Putting it together
To create the final image, Hubble’s new Wide Field Camera 3 took portraits of the Carina nebula through six filters — three in visible light and three in the infrared. All were radioed to Earth as black-and-white images, then colorized and combined into a composite.
The visible-light composite consists of snapshots taken at 673 nanometers (emission from singly ionized sulfur atoms), 657 nanometers (light from neutral hydrogen atoms) and 502 nanometers (emission from doubly ionized oxygen atoms).
Next, the NASA team gave different colors to images from each wavelength. Although both 673 nanometers and 657 nanometers fall into the red part of the spectrum, only the longest, or reddest wavelength of 673 was assigned red, while the image taken at 657 nanometers was coded green. The shortest wavelength, the emission from doubly ionized oxygen atoms, was coded in blue, the shorter end of the visible-light spectrum.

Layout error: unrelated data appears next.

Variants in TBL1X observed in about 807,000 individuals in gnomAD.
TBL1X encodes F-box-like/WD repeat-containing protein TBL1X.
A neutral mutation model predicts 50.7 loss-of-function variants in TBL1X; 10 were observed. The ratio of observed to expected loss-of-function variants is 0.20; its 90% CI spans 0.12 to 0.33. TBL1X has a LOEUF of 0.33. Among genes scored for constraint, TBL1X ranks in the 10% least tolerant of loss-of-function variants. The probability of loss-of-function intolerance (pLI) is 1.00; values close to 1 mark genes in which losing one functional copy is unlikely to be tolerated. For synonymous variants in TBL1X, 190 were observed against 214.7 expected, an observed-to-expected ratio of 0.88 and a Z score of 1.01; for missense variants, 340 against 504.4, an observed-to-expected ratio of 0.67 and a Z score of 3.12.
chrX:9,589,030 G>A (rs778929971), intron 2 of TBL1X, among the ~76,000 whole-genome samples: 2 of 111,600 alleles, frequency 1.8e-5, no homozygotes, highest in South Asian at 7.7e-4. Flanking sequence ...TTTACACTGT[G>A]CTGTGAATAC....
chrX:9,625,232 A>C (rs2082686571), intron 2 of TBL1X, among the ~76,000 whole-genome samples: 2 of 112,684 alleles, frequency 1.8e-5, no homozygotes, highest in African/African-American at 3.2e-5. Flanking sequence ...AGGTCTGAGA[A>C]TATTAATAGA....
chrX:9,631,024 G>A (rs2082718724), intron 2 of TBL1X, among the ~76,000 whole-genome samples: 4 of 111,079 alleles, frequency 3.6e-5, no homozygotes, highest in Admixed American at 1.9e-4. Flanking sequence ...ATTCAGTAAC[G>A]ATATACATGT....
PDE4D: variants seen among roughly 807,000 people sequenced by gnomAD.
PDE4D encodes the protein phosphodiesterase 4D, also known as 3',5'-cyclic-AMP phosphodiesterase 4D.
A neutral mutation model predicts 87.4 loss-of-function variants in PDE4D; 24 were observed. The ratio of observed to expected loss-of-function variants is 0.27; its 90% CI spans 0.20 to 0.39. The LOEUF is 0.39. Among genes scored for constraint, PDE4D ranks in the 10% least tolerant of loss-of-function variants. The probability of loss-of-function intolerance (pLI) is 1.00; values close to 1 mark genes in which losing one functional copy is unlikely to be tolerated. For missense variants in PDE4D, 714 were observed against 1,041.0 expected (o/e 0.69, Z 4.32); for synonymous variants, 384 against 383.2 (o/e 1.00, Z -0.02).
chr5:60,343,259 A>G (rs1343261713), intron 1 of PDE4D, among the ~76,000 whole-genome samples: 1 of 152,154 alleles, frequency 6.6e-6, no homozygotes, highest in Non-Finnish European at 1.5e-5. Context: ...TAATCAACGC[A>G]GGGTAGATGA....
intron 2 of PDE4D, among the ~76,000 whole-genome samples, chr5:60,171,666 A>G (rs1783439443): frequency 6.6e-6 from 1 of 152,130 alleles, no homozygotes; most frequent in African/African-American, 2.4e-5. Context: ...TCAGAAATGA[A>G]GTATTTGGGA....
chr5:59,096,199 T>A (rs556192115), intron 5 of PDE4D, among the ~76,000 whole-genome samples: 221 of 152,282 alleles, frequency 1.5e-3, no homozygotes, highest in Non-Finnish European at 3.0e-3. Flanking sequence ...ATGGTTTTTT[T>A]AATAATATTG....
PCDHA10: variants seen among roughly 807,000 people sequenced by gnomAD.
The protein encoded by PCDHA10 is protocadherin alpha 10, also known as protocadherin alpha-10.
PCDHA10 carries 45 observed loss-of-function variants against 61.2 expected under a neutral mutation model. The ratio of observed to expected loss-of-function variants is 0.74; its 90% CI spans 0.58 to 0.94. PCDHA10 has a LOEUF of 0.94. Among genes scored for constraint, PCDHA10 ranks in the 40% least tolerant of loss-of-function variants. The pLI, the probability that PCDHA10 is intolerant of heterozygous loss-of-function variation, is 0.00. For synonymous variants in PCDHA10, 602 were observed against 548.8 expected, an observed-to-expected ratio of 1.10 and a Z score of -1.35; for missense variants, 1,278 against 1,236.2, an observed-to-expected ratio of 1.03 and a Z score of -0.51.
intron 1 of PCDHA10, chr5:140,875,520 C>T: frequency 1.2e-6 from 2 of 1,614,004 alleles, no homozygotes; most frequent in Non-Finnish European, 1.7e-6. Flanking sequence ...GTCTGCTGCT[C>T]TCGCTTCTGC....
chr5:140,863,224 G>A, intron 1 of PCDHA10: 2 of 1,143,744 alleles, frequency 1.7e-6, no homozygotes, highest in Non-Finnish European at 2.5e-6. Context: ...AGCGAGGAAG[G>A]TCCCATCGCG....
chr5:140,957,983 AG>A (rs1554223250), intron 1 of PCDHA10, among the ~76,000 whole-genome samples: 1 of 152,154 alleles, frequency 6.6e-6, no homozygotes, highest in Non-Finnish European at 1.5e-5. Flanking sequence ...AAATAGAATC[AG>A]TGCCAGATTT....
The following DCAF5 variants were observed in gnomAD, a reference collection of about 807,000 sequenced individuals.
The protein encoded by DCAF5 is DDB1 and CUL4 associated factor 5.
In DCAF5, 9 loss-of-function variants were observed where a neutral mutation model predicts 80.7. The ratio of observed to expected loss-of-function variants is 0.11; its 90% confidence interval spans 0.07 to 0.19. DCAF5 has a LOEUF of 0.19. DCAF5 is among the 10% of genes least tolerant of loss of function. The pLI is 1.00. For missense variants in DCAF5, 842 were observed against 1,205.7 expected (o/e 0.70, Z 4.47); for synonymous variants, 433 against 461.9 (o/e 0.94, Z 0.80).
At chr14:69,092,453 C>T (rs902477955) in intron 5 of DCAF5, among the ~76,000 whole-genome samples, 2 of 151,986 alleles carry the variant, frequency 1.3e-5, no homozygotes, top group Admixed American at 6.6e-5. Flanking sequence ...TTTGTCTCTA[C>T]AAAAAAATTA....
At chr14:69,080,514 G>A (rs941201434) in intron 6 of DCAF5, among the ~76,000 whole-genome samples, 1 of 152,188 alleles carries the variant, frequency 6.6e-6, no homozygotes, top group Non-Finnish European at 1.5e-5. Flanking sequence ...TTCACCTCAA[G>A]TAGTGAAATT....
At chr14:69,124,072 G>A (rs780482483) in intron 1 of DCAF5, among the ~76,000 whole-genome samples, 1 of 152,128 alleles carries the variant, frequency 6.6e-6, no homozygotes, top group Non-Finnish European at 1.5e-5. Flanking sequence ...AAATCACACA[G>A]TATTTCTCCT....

Finally, shadowing and contrast were enhanced, artifacts such as reflection halos (see second to the last image) were removed and the image was cropped to home in on the most interesting features.
Credit: NASA, ESA, and M. Livio and the Hubble 20th Anniversary Team (STScI)